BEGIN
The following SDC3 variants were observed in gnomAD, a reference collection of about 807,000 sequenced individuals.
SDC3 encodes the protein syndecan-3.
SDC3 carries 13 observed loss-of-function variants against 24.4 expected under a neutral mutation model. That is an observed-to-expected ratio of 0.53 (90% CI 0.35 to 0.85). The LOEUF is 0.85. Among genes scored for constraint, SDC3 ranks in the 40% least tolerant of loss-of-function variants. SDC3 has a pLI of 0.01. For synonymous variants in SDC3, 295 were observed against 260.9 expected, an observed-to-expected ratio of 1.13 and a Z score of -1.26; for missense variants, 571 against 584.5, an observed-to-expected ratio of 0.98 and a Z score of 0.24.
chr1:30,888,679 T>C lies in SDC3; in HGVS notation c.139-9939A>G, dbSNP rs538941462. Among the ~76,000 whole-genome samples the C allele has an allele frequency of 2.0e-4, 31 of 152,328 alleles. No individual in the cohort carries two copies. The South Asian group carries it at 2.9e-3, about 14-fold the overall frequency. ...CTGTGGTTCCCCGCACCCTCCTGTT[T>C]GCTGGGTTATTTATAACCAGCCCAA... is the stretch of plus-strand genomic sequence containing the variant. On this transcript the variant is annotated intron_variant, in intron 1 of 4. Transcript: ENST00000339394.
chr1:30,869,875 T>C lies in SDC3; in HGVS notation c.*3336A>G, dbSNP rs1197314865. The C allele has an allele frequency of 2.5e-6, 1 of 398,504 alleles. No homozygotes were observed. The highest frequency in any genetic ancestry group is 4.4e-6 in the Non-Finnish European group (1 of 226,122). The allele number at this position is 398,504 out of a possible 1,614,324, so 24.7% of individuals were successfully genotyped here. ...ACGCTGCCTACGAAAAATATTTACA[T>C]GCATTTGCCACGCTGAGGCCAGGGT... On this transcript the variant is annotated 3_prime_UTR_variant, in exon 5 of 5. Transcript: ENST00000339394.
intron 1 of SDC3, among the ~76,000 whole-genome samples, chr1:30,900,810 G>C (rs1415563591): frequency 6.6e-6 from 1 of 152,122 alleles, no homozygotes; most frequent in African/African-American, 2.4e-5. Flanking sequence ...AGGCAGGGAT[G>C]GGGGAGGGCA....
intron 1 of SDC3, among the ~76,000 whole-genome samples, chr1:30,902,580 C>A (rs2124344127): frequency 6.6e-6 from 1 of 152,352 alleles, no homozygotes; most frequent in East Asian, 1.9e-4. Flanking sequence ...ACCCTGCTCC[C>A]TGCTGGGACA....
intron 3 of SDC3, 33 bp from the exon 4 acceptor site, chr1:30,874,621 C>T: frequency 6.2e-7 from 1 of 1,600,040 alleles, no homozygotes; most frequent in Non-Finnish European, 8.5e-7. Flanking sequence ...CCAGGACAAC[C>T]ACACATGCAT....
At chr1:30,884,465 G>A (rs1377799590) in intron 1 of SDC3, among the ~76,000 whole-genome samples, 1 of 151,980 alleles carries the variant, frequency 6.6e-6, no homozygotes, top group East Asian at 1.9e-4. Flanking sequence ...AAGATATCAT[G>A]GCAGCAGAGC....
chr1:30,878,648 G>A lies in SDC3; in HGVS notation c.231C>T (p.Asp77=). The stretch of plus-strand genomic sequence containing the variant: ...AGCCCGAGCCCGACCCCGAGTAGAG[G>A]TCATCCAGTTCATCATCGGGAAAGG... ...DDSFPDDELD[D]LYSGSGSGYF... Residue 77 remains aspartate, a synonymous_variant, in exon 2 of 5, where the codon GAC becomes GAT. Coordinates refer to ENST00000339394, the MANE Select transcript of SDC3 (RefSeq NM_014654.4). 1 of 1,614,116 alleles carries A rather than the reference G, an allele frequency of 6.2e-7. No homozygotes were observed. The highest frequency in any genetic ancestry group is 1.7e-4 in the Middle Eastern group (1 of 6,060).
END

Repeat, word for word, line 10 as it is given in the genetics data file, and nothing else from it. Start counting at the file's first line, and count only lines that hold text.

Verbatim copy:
chr1:30,878,648 G>A lies in SDC3; in HGVS notation c.231C>T (p.Asp77=). The stretch of plus-strand genomic sequence containing the variant: ...AGCCCGAGCCCGACCCCGAGTAGAG[G>A]TCATCCAGTTCATCATCGGGAAAGG... ...DDSFPDDELD[D]LYSGSGSGYF... Residue 77 remains aspartate, a synonymous_variant, in exon 2 of 5, where the codon GAC becomes GAT. Coordinates refer to ENST00000339394, the MANE Select transcript of SDC3 (RefSeq NM_014654.4). 1 of 1,614,116 alleles carries A rather than the reference G, an allele frequency of 6.2e-7. No homozygotes were observed. The highest frequency in any genetic ancestry group is 1.7e-4 in the Middle Eastern group (1 of 6,060).